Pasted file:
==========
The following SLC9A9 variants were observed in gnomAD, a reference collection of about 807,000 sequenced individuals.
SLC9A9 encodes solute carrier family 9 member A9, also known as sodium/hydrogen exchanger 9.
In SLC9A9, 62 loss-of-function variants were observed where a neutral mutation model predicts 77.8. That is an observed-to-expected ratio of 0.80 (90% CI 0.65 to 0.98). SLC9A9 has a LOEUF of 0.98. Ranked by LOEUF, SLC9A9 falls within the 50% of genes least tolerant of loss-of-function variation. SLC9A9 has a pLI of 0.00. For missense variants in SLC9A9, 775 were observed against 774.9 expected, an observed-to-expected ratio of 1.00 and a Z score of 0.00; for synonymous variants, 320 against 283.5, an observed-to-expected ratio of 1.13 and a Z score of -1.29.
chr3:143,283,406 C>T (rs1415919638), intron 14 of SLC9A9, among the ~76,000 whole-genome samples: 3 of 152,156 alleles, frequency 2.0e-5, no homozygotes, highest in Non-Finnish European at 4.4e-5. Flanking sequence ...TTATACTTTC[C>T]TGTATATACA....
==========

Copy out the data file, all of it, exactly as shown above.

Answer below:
The following SLC9A9 variants were observed in gnomAD, a reference collection of about 807,000 sequenced individuals.
SLC9A9 encodes solute carrier family 9 member A9, also known as sodium/hydrogen exchanger 9.
In SLC9A9, 62 loss-of-function variants were observed where a neutral mutation model predicts 77.8. That is an observed-to-expected ratio of 0.80 (90% CI 0.65 to 0.98). SLC9A9 has a LOEUF of 0.98. Ranked by LOEUF, SLC9A9 falls within the 50% of genes least tolerant of loss-of-function variation. SLC9A9 has a pLI of 0.00. For missense variants in SLC9A9, 775 were observed against 774.9 expected, an observed-to-expected ratio of 1.00 and a Z score of 0.00; for synonymous variants, 320 against 283.5, an observed-to-expected ratio of 1.13 and a Z score of -1.29.
chr3:143,283,406 C>T (rs1415919638), intron 14 of SLC9A9, among the ~76,000 whole-genome samples: 3 of 152,156 alleles, frequency 2.0e-5, no homozygotes, highest in Non-Finnish European at 4.4e-5. Flanking sequence ...TTATACTTTC[C>T]TGTATATACA....